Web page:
Gov. Ducey and his allies are preparing to battle a proposition to legalize recreational use of marijuana
Opposition to a proposed 2016 ballot initiative to legalize recreational use of marijuana is starting to come together.
The main opponents, thus far, are Maricopa County Attorney Bill Montgomery, Yavapai County Attorney Sheila Polk, Gov. Doug Ducey and the Arizona Chamber of Commerce.
"On the business side, recreational marijuana exposes employers to increased workplace accidents, more workers' compensation claims and lower overall workplace productivity," chamber officials noted in a statement posted on its website last week. "We also can't ignore the adverse effects marijuana has on adolescents' developing brains, which has serious implications for the development of Arizona's workforce talent pipeline. No credible economic development organization would tout marijuana legalization as a reason to locate in Arizona. Legalization sends the wrong message to the companies we want to grow and invest here."
Barrett Marson, a spokesman for the initiative effort, said he was looking forward to a robust campaign.
"This marijuana initiative would provide millions of dollars for the state, boost education, reduce crime and give people a personal choice of using marijuana without fear of criminal charges," Marson told the Weekly via email. "Medical marijuana is a $144 million a year business in Arizona. Allowing adults the opportunity to legally use marijuana provides significant benefits to the state and the business community. Marijuana is much less harmful than alcohol, which causes thousands of deaths every year."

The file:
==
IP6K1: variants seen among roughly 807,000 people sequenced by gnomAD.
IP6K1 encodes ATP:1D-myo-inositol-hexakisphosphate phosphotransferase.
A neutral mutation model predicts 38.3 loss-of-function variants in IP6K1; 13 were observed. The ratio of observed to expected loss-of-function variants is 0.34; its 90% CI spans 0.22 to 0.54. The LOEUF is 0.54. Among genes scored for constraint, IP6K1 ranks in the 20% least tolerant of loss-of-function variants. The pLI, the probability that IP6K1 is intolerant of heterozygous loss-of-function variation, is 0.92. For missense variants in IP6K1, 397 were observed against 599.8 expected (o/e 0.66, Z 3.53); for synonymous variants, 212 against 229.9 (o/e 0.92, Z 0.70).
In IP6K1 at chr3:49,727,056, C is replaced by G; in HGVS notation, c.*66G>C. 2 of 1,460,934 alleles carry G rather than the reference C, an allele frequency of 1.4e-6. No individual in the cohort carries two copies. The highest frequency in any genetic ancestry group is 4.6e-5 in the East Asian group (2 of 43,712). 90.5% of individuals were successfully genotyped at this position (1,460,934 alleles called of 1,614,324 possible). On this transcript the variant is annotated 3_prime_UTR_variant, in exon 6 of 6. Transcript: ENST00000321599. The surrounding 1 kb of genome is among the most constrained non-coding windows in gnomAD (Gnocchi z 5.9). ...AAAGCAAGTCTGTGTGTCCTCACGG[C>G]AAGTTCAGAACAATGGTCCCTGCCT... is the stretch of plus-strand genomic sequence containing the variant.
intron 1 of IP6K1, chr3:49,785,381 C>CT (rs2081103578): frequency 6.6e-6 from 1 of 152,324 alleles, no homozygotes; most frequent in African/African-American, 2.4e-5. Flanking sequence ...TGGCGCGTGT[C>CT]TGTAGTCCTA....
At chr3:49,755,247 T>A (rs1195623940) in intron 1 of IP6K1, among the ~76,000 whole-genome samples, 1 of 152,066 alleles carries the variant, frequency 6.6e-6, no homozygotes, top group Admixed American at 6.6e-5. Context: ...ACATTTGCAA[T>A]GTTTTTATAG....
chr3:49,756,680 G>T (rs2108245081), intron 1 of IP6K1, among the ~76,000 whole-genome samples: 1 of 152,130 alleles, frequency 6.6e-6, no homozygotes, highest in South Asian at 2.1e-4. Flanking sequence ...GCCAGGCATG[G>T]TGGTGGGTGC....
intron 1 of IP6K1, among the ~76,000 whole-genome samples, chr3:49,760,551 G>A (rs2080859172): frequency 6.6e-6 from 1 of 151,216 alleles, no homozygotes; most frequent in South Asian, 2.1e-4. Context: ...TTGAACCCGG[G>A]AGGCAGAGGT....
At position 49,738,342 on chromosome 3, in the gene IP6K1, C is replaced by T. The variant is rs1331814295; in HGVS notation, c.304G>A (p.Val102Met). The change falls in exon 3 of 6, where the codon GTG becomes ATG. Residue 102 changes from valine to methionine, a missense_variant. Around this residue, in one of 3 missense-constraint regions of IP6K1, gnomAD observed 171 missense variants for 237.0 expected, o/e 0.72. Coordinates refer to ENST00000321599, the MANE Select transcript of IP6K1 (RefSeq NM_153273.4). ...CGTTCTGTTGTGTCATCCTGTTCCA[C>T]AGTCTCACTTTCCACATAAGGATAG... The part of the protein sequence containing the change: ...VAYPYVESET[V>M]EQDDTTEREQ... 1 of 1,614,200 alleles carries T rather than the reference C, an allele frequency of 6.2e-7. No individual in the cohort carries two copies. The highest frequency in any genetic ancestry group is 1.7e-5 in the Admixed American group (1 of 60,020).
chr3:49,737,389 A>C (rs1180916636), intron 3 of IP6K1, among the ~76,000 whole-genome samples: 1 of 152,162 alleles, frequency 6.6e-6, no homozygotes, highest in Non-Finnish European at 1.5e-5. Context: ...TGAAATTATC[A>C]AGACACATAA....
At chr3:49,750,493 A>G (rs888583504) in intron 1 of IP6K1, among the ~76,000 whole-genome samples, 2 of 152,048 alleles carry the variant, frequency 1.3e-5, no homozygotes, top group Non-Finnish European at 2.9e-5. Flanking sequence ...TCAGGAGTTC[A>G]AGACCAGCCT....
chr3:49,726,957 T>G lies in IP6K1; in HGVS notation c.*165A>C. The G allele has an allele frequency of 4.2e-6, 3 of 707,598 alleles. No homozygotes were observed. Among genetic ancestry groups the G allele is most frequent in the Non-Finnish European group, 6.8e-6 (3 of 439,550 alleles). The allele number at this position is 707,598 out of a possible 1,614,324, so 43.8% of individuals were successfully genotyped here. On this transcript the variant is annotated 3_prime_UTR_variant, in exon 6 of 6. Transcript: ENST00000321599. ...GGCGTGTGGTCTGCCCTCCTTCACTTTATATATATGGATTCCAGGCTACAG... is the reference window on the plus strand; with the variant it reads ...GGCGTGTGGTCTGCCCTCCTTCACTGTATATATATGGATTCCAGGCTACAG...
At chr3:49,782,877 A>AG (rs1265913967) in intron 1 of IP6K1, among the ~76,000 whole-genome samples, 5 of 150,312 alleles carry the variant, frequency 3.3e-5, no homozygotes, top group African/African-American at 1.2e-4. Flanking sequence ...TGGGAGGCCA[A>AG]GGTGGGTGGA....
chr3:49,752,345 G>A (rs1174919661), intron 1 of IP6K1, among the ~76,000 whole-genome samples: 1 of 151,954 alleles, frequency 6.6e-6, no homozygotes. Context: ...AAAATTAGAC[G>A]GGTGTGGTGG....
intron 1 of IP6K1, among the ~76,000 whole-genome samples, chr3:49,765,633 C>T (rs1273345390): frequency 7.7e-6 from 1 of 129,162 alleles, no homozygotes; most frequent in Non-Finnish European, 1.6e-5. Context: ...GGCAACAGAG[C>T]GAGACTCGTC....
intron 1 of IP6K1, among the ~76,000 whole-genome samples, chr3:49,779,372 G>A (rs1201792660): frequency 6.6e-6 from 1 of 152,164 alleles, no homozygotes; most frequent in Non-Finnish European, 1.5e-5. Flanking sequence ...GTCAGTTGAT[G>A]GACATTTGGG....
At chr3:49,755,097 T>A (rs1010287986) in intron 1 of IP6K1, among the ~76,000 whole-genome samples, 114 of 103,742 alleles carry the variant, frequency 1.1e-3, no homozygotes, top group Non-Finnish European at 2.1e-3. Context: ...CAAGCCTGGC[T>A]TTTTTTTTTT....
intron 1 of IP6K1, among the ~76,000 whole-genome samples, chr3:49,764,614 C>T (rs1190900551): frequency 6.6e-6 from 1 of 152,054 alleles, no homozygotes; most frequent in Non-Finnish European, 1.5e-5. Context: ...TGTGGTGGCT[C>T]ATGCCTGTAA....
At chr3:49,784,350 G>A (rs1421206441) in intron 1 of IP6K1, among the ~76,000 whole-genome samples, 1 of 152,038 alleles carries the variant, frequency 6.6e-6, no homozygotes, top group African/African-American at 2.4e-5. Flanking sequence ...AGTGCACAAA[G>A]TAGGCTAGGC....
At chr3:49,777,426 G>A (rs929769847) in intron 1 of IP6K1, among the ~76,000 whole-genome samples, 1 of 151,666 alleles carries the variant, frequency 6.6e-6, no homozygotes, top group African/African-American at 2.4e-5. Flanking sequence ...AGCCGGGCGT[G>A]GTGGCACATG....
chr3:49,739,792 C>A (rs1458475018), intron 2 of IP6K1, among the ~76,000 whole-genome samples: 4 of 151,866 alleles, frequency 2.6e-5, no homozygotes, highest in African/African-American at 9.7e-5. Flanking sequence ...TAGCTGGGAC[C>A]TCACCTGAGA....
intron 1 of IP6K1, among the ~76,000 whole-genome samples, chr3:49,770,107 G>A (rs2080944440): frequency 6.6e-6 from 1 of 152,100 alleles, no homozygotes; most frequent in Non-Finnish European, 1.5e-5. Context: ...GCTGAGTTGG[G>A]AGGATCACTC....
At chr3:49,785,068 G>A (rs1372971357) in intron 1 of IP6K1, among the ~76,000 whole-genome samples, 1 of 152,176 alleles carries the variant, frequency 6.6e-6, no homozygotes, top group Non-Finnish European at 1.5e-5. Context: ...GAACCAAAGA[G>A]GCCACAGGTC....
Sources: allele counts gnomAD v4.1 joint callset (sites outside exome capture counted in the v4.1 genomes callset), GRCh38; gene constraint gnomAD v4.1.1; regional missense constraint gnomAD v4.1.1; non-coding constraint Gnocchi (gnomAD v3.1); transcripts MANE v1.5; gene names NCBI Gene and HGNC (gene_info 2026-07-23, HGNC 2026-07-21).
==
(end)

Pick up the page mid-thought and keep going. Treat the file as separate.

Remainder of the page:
The big question now looming over the legalization battle is how much money the prohibitionist side wants to dump into the race.
The Marijuana Policy Project, which is supporting the legalization effort, is expected to spend several million dollars on the signature gathering and the subsequent campaign. And MPP, in recent years, has more wins than loses to its credit.
But they also haven't faced a big-spending opponent in states such as Washington or Colorado, where voters made recreational weed legal in 2014.
Ducey has allies with deep pockets—and some of those allies, including dark-money kingpin Sean Noble, announced last week that they'd be running the anti-legalization campaign through their newly formed PR and political consulting group, Axiom Public Affairs.
Whether the dark-money crowd will want to throw a lot of money at this effort remains to be seen. Many of the biggest donors—such as the Koch brothers—tend to be libertarian in nature, as do local groups like the Goldwater Institute.
State lawmaker Victoria Steele explores congressional race while other Dems take a pass
State lawmaker Victoria Steele is the latest Democrat to announce that she is exploring a challenge to Congresswoman Martha McSally, who narrowly defeated Democratic incumbent Ron Barber in the closest congressional race in the country last year.